Today we had the first Orthros of Great Lent—in the monastic typikon, the services of Great Lent are anticipated on Wednesday and Friday of Cheese-fare Week. While we were attending the service we encountered the difficulty that we always encounter with the services of Great Lent: how to characterize the services’ atmosphere.
The services of Great Lent are characterized by a sobriety and restraint. Properly executed, the Orthodox Services of Great Lent are not lugubrious, doleful, mournful or given to weeping or other emotional exaggeration. Emotional exaggeration is not the way of the monk.
In their greatest expression, during Holy Week, the sobriety and restraint of the services of Great Lent bloom into great and very deep ecclesiastical poetry. In the Greek tradition at least, this poetry is accompanied by some of the greatest ecclesiastical music, music which gives the cantor the means to express the depth of our own love for Christ. As great as Bach, say, is, the music of the Orthodox Church moves in another dimension—a spiritual dimension of peace and sobriety which raises our minds (nous) to Christ through the presence of the Holy Spirit, not through the play of the musical composition on our raw emotions. This is not to say that Bach was not a believing Christian.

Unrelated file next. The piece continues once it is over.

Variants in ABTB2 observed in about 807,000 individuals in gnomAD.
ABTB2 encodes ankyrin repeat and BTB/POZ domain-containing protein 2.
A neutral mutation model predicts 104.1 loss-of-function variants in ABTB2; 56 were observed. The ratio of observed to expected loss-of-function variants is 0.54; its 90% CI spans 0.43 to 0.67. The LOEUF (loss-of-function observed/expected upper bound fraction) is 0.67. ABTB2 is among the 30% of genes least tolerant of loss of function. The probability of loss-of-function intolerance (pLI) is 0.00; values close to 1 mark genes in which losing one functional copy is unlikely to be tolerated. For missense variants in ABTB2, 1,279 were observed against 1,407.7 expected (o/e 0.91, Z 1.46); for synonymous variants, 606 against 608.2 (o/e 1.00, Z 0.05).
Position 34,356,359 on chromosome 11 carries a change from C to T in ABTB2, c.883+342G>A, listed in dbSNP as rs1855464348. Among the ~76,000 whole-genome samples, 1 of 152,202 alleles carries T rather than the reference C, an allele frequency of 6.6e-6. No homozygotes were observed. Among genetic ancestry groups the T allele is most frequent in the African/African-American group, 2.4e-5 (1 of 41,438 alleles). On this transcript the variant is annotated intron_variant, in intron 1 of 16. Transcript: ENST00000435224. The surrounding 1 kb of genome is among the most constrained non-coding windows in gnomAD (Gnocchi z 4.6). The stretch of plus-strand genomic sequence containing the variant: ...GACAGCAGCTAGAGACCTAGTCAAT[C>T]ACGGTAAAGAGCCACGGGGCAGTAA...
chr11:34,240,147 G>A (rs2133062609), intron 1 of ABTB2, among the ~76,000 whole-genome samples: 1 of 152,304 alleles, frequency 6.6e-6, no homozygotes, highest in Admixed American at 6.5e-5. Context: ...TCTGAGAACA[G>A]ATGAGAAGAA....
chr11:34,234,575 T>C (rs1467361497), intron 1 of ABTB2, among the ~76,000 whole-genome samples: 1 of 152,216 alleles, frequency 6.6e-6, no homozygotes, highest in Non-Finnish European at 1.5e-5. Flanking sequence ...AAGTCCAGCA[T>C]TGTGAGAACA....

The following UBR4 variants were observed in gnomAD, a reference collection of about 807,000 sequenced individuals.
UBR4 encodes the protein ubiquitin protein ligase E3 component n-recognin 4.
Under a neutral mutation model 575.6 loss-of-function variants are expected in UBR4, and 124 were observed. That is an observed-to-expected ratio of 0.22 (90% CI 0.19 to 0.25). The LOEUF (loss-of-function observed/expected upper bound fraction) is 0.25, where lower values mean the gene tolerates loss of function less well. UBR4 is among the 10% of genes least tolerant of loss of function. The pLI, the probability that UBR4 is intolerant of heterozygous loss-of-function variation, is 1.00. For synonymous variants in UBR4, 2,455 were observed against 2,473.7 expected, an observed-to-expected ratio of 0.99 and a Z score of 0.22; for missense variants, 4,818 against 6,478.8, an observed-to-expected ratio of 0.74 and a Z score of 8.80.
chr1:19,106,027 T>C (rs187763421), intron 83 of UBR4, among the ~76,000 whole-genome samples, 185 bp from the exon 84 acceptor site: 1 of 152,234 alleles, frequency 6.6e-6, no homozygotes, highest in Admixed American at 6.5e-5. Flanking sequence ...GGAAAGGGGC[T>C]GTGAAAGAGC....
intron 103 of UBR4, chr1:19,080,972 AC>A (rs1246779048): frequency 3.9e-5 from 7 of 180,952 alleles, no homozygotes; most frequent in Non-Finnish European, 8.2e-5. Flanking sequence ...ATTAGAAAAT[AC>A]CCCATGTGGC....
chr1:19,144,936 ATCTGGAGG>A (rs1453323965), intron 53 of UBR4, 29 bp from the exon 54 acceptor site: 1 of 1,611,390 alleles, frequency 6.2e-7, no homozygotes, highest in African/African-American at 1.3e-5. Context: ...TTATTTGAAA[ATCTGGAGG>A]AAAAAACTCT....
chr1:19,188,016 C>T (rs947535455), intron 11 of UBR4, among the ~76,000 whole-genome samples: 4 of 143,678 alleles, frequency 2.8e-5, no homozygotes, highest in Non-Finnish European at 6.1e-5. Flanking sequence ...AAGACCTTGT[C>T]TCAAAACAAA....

It is through being raised to Christ by the Holy Spirit in our spirits and not in our emotions that we relive the Passion of Christ during Holy Week.
In common with all the services of the Orthodox Church, the services of Holy Week are a spiritual re-enactment. In Holy Week, the services are a re-enactment of the Passion of Christ. Through our spiritual participation in this re-enactment we enter more deeply and more fully into the spiritual relationship with Christ that was conferred on us by our reception of the Holy Spirit in Baptism so as to participate more fully in Our Saviour’s life of the Resurrection.
Hence, the whole of Great Lent is a purification from our passions through a sober attention to the word of God in the services. Our goal is that through this purification we might be joined more closely to Christ, first in his Passion in all its gravity and then in his Resurrection. This is repentance: sober attention, purification and an effort to change, so that we may live in fullness the gifts of the Holy Spirit given in the love of Our Saviour to us for our salvation and eternal joy: “And this is eternal life, that they know you the only true God and the Son whom you have sent, Jesus Christ.”